The majority of moderate American voters chose Obama because he was not a member of the party that was in power when the economy was totally trashed. The Republicans and the Democrats may have contributed equally to this economic disaster, but the Republicans were in charge when it happened. As they say, the buck stops there.

If Obama had been a Republican, he would have lost. If Lincoln had been running for president in 2008, he would have lost. If the Republicans want to start winning elections, they have to acknowledge their mistakes and offer solutions that might actually work.

If the Republicans want to be the near-forgotten stuff of dystopic fiction and children's nightmares, they can keep threatening Americans with secession and civil war...

Posted by: maryatexitzero Author Profile Page at June 15, 2009 9:02 AM

So, chuck, is that what you all are talking about here

Strawman, Mary, you are better than that. What was actually passing through my mind was something by Twain about gunfighters. How the winners more often than not resorted to ambush and shooting folks in the back.

Anyway, it is also well to remember that the government derives it's legitimacy from the people, not the other way around. Folks mostly obey the law by social convention and the understanding that good behaviour will be reciprocated. I see that breaking down. The PUMA sites were full of stories of disenfranchisement, and while much of that was probably standard machine politics, I see no particular reason to trust the Obama administration. Furthermore, they are using our tax money, which is party neutral, to advance their own political interests. That is pretty much standard practice also. But like many universal behaviours -- nepotism, bribery, and police brutality, for instance -- the scale matters enormously.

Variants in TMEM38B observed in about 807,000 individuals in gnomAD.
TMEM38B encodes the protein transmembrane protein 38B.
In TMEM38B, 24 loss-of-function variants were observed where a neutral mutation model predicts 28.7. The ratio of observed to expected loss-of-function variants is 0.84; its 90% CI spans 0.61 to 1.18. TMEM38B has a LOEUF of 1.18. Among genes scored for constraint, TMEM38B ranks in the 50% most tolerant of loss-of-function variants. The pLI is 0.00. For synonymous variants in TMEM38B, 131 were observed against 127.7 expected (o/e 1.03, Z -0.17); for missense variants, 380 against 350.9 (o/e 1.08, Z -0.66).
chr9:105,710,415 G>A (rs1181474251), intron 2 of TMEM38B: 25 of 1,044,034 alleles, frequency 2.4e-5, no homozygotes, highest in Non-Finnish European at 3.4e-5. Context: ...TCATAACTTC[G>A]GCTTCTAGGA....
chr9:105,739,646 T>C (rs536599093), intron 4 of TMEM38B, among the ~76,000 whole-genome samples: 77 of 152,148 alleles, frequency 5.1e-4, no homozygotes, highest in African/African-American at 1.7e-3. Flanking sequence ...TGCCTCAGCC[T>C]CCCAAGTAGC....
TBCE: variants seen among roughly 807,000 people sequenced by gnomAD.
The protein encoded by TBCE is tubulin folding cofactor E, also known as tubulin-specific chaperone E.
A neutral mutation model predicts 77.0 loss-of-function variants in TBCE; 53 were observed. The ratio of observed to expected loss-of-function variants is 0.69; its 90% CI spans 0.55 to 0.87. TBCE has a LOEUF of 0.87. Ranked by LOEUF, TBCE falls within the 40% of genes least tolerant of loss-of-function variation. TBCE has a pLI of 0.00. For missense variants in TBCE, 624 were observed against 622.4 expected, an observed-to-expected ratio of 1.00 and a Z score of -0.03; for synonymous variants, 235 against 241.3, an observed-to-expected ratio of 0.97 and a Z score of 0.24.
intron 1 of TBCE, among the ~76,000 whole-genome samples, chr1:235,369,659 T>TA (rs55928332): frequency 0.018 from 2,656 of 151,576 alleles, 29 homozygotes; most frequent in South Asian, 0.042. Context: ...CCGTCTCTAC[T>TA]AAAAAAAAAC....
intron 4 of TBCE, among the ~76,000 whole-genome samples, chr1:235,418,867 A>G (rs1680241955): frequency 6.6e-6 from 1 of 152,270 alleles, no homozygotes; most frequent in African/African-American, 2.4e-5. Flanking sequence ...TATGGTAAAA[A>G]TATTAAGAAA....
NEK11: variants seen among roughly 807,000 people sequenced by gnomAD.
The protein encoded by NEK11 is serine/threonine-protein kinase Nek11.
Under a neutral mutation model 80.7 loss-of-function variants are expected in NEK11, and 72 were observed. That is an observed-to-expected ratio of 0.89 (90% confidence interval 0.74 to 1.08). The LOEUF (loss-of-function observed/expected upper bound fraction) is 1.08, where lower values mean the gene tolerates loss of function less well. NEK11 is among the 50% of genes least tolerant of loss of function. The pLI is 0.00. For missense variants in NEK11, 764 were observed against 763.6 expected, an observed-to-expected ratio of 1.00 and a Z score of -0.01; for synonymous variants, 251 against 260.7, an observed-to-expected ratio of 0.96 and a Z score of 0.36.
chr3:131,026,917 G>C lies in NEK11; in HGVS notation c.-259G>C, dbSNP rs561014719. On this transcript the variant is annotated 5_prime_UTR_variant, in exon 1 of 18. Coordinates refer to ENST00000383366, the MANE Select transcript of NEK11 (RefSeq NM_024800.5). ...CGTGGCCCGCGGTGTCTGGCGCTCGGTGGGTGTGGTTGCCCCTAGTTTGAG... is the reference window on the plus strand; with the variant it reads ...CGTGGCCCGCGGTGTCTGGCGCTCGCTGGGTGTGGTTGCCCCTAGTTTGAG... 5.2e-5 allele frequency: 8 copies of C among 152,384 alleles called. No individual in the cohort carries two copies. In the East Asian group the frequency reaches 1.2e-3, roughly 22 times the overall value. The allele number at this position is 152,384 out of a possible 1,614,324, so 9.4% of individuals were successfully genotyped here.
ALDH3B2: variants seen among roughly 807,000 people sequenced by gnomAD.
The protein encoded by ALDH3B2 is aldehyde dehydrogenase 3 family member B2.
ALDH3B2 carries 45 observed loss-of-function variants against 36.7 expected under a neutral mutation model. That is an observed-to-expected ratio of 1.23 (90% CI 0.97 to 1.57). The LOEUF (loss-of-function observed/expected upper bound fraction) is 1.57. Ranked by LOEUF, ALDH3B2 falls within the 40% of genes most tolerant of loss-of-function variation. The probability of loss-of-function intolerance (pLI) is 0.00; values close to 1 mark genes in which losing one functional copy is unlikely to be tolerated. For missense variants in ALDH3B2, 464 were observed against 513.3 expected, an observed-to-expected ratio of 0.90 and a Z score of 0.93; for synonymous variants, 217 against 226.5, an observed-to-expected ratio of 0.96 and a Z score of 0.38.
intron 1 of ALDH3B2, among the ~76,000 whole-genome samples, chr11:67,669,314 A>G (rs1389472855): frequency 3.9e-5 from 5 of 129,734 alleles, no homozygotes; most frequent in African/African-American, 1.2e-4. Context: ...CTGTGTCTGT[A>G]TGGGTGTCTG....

Am I ready to take up arms? No. I will abide and see how things shake out. But back in the sixties I identified two circumstances in which I would consider the option. One was if the religious right became a dominant power, the other if the Left became so. I think the intellectual and moral corruption of the media and universities is a dangerous thing.

While I agree that the economic meltdown together with McCain's unwillingness to fight was the main cause Obama's election, I don't discount the effect of continuous media adulation and the almost complete lack of serious criticism of Obama's record and associations. The almost worshipful attitude of some of his followers should also bother you, especially if you have had the experience of standing up against a crowd and putting yourself at risk.

Civilization is a fragile thing and democracy a transient phenomenon. They do need to be nourished.

Posted by: chuck Author Profile Page at June 15, 2009 11:47 AM